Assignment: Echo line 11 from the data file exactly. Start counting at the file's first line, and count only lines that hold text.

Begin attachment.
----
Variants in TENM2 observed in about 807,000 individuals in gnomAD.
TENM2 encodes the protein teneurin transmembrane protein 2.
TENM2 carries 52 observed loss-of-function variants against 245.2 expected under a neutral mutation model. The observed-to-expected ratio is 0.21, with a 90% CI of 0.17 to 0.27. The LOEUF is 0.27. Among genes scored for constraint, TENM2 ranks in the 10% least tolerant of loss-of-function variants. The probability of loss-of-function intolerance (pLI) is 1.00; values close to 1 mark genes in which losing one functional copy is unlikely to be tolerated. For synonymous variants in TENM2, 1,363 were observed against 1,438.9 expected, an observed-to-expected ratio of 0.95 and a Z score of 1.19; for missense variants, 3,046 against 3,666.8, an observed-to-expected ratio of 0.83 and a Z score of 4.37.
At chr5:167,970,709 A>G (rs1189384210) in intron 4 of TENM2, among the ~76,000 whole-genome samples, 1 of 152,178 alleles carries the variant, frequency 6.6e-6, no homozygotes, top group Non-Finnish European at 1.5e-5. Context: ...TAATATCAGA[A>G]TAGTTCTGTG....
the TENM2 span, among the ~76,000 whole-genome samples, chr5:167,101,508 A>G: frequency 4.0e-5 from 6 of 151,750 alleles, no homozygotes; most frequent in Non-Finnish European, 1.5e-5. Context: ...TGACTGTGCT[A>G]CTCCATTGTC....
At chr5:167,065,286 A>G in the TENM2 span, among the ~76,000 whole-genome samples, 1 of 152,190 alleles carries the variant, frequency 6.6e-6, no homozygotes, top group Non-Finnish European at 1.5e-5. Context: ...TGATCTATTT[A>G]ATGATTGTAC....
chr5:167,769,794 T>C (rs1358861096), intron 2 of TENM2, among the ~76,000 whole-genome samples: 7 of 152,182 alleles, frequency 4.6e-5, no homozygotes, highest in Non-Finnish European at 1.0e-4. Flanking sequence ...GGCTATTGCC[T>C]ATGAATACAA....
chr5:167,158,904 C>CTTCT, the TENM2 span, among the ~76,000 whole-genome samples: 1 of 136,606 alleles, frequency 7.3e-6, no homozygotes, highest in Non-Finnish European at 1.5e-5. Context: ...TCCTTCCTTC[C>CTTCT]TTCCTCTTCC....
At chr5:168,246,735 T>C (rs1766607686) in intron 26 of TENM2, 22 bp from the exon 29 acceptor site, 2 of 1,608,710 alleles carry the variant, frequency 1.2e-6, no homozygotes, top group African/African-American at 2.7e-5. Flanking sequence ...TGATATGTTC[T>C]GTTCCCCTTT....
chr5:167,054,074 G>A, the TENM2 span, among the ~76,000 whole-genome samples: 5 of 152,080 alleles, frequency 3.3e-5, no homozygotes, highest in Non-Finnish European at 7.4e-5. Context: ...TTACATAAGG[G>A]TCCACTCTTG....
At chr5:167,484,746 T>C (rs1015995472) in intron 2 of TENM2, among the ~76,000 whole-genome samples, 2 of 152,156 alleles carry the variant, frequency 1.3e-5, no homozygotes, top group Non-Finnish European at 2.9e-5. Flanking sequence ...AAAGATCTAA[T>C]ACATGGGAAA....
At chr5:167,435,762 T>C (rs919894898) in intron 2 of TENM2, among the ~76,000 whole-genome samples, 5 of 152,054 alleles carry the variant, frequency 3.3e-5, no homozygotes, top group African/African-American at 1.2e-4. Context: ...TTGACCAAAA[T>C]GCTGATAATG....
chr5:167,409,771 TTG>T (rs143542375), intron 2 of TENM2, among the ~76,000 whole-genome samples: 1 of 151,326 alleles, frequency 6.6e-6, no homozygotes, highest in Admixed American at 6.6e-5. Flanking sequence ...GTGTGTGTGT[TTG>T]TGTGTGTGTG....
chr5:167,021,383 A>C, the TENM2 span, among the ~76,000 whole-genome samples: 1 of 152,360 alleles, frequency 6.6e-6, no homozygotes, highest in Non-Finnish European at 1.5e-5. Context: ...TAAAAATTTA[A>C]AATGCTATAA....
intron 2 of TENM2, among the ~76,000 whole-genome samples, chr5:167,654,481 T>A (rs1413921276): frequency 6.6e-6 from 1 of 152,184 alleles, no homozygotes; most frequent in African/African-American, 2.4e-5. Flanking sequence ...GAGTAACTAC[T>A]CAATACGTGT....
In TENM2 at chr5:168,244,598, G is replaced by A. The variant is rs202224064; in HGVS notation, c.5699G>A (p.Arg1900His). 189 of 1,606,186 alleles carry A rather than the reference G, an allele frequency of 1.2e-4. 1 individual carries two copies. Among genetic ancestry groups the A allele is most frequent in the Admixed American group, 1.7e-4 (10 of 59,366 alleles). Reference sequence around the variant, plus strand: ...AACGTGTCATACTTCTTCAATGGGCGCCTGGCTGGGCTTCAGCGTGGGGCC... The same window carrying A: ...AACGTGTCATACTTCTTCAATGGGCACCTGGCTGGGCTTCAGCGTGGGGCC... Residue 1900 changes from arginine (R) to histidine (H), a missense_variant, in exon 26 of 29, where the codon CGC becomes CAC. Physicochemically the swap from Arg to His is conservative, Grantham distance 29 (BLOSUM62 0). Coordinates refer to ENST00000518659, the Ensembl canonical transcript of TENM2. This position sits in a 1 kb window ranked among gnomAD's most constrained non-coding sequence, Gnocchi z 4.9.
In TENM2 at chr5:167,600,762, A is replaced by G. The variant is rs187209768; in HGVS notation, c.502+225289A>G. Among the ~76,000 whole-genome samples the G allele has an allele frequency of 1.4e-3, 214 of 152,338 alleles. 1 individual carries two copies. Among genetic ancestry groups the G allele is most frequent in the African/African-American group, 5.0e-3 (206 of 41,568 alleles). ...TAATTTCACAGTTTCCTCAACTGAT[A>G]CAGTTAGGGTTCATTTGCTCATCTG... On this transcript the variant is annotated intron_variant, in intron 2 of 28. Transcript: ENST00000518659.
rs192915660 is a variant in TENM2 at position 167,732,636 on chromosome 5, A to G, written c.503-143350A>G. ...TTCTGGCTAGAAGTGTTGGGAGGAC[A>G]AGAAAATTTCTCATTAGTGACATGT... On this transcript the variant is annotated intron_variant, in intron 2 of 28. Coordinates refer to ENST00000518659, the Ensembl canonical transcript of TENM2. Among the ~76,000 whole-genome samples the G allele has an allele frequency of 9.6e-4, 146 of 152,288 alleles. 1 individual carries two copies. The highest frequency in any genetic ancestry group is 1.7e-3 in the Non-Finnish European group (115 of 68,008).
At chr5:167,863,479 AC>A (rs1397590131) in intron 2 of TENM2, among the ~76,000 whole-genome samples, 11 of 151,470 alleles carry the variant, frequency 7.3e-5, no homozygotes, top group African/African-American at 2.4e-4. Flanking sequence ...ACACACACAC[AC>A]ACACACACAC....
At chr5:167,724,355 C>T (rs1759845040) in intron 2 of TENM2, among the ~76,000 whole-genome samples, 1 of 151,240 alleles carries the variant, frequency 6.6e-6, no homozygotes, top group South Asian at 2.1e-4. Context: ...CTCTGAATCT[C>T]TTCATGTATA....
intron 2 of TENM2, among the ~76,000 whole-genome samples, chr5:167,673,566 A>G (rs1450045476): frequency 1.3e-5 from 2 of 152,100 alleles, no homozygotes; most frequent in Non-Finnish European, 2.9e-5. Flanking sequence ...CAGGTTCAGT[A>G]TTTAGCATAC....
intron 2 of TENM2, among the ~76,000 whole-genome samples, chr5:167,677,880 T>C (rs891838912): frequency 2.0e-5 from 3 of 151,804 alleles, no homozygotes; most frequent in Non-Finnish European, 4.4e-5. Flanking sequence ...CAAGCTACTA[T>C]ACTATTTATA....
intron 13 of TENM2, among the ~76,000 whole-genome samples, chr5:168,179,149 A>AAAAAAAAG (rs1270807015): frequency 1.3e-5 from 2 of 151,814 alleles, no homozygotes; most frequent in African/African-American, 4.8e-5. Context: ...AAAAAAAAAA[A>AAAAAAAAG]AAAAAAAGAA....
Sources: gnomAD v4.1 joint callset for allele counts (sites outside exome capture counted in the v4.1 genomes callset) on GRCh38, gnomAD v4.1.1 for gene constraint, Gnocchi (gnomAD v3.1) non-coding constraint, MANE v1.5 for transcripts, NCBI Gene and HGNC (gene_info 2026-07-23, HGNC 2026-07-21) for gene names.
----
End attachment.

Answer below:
At chr5:167,484,746 T>C (rs1015995472) in intron 2 of TENM2, among the ~76,000 whole-genome samples, 2 of 152,156 alleles carry the variant, frequency 1.3e-5, no homozygotes, top group Non-Finnish European at 2.9e-5. Flanking sequence ...AAAGATCTAA[T>C]ACATGGGAAA....